Low-mass stars seem to be the hotbed for habitable planets, so two astrophysicists created a sophisticated simulation to understand the properties of the exoplanets forming around these small objects.
The researchers, from the University of Bern, played with formation and composition models derived from likely evolution scenarios. The simulation suggests that most planets around low-mass stars are Earth-sized and also surprisingly rich in water, with 90 percent of the simulated objects having 500 times more water than Earth.
“While liquid water is generally thought to be an essential ingredient, too much of a good thing may be bad,” co-author Professor Willy Benz said in a statement.
“Our models succeed in reproducing planets that are similar in terms of mass and period to the ones observed recently,” added Professor Yann Alibert. “Interestingly, we find that planets in close-in orbits around these types of stars are of small sizes. Typically, they range between 0.5 and 1.5 Earth radii with a peak at about 1.0 Earth radius. Future discoveries will tell if we are correct!”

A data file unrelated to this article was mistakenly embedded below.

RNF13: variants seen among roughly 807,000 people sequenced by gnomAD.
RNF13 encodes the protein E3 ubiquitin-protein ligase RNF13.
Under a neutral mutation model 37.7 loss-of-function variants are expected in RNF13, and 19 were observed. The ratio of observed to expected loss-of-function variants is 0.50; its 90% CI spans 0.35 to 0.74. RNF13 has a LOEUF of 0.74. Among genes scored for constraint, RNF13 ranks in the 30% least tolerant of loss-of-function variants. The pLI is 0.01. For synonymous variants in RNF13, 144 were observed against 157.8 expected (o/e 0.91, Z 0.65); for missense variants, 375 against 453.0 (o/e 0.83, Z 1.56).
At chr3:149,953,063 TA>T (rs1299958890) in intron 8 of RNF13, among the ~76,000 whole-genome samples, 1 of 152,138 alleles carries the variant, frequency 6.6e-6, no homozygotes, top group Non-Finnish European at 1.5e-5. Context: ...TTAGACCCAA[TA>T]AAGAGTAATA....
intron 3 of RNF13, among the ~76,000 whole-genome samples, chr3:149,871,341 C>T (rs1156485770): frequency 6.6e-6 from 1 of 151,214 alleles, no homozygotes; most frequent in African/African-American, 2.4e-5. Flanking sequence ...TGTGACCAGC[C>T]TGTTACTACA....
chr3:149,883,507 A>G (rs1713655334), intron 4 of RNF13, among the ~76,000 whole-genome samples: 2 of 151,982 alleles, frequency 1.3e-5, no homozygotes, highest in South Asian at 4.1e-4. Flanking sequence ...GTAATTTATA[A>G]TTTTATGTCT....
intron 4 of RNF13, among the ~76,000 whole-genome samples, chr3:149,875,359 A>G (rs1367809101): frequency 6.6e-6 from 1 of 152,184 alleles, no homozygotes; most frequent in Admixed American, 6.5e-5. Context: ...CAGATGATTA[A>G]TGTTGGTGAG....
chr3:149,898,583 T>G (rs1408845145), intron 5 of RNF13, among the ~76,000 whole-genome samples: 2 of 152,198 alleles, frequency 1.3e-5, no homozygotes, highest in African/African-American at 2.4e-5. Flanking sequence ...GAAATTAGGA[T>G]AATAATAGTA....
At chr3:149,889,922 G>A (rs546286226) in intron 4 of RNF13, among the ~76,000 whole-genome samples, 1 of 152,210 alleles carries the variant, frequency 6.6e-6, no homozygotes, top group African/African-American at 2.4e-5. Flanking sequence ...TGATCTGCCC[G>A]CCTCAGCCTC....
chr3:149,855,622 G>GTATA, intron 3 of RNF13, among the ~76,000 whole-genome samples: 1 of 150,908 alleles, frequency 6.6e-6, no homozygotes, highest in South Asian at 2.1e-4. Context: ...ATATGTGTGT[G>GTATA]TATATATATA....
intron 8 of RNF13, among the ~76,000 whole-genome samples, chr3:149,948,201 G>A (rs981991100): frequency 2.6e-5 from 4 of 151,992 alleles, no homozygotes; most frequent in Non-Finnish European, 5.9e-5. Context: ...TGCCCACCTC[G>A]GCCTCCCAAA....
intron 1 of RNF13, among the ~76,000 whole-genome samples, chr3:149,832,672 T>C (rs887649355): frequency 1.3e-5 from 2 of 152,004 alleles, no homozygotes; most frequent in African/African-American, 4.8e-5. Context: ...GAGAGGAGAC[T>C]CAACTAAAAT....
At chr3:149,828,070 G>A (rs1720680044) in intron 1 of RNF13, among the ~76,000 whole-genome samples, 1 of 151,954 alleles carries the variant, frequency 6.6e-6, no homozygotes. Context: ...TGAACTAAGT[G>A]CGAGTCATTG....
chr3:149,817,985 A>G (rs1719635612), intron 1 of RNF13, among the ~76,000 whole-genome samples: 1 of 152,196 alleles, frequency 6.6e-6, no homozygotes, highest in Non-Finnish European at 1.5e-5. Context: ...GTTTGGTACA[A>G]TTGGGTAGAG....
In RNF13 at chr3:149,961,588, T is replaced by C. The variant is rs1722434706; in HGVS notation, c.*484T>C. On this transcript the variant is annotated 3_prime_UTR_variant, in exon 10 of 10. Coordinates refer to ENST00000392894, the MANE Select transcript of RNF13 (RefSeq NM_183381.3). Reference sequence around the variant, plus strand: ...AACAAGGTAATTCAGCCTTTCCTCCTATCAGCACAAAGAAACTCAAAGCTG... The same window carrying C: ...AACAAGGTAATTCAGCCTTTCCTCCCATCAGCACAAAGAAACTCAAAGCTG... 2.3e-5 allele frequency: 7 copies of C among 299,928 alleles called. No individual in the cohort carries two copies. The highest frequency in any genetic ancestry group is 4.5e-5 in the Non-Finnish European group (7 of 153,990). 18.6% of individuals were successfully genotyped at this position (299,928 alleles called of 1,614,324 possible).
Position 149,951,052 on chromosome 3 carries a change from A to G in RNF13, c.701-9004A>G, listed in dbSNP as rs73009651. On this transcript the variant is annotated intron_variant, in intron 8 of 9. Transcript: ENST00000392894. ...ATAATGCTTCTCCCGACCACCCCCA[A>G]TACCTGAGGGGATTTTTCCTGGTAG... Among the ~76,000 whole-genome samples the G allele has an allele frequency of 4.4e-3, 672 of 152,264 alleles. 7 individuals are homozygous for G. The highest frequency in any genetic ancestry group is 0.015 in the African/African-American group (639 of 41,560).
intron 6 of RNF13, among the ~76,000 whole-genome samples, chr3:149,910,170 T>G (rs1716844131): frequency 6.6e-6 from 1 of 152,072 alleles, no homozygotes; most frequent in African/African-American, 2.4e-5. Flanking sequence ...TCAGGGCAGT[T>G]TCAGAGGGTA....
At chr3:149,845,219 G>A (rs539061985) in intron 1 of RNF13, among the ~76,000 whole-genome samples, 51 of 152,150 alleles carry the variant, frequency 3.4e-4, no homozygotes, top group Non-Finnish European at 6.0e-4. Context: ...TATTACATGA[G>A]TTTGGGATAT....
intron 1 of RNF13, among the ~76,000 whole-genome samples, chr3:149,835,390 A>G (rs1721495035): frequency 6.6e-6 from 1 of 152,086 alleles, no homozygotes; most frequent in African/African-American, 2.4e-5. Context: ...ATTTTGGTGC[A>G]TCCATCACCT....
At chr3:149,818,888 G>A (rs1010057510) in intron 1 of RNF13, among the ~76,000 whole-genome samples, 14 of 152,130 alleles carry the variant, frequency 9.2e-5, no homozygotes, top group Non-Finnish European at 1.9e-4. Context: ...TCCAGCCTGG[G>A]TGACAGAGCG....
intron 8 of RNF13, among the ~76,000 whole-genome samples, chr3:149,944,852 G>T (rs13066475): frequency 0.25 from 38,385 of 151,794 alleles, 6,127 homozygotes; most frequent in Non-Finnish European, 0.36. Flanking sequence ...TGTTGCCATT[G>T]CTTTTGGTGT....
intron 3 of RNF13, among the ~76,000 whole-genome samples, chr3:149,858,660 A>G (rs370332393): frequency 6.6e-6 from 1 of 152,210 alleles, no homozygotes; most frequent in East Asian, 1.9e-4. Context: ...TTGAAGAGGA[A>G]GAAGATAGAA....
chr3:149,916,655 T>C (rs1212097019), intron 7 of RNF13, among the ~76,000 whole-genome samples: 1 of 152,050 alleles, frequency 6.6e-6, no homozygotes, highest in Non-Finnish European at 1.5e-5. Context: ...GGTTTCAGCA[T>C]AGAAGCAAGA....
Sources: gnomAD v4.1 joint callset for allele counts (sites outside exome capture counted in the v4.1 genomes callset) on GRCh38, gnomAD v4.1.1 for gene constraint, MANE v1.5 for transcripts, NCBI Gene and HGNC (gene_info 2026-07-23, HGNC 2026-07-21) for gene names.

Their results are quite different from the expected planet formation around smaller stellar objects. It has been traditionally assumed that these exoplanets would be very small and very dry due to being so close to their stars.
The researchers included the potential migration of planets in their simulation, which has not often been considered for smaller planets. Their starting point involved having 10 moon-sized planetesimals and letting them evolve and interact freely.
The research shows that the exoplanets' initial properties, evolution of the disk, and their relationship with the mass of their star are the biggest discriminants in the mass, size, and composition of these simulated exoplanets.
“Habitable or not, the study of planets orbiting very low mass stars will likely bring exciting new results, improving our knowledge of planet formation, evolution, and potential habitability,” concluded Benz.
More observation campaigns are planned for Trappist-1 and Proxima, so we might soon find out how close these models are to reality.